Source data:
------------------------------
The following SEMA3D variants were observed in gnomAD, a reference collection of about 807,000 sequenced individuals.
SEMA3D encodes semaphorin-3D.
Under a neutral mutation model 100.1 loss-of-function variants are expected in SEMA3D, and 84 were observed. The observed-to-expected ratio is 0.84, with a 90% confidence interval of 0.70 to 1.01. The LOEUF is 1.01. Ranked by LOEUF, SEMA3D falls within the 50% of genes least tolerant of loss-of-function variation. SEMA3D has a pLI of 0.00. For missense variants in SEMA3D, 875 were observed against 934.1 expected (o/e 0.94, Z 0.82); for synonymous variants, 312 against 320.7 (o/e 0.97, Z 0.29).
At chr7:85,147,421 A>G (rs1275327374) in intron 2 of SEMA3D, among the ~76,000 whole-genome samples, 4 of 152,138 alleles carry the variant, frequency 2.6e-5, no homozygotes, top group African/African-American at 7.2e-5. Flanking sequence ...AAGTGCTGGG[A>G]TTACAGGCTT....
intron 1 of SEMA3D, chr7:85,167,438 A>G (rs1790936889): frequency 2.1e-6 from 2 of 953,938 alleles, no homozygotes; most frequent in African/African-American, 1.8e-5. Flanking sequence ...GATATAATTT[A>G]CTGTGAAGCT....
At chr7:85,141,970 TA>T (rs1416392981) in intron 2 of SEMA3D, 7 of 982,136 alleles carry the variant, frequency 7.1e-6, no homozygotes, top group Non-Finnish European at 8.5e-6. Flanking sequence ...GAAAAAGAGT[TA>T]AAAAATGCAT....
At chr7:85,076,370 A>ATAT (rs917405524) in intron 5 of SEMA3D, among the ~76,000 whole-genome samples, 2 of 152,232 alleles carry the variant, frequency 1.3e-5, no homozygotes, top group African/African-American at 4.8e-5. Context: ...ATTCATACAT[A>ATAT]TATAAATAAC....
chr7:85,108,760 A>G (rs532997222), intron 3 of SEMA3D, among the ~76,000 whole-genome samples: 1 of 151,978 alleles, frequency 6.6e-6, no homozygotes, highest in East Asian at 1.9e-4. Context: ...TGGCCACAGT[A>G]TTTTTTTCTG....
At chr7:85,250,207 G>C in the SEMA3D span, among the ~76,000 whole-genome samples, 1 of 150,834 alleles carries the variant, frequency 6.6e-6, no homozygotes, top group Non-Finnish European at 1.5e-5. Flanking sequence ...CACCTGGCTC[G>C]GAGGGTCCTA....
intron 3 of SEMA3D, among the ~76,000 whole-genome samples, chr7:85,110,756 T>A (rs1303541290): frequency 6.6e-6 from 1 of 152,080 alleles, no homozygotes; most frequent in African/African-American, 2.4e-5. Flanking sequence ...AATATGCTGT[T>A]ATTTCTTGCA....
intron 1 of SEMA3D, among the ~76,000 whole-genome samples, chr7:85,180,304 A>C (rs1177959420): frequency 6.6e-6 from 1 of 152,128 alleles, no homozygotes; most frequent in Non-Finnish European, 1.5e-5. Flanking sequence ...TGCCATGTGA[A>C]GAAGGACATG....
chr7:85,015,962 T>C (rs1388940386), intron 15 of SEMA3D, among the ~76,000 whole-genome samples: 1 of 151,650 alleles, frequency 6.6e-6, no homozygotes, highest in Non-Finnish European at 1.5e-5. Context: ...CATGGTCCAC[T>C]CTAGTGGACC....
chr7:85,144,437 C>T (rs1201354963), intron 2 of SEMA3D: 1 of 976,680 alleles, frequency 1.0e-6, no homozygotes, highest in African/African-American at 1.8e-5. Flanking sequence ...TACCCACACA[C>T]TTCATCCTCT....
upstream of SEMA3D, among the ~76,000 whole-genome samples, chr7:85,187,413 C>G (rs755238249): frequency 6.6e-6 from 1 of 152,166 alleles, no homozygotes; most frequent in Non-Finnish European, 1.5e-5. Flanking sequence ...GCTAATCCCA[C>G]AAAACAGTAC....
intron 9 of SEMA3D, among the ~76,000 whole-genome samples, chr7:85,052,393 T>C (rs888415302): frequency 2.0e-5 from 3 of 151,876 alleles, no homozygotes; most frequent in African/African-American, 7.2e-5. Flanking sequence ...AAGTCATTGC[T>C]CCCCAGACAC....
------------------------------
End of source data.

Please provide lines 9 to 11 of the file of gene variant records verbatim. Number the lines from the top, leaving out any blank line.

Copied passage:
At chr7:85,250,207 G>C in the SEMA3D span, among the ~76,000 whole-genome samples, 1 of 150,834 alleles carries the variant, frequency 6.6e-6, no homozygotes, top group Non-Finnish European at 1.5e-5. Flanking sequence ...CACCTGGCTC[G>C]GAGGGTCCTA....
intron 3 of SEMA3D, among the ~76,000 whole-genome samples, chr7:85,110,756 T>A (rs1303541290): frequency 6.6e-6 from 1 of 152,080 alleles, no homozygotes; most frequent in African/African-American, 2.4e-5. Flanking sequence ...AATATGCTGT[T>A]ATTTCTTGCA....
intron 1 of SEMA3D, among the ~76,000 whole-genome samples, chr7:85,180,304 A>C (rs1177959420): frequency 6.6e-6 from 1 of 152,128 alleles, no homozygotes; most frequent in Non-Finnish European, 1.5e-5. Flanking sequence ...TGCCATGTGA[A>C]GAAGGACATG....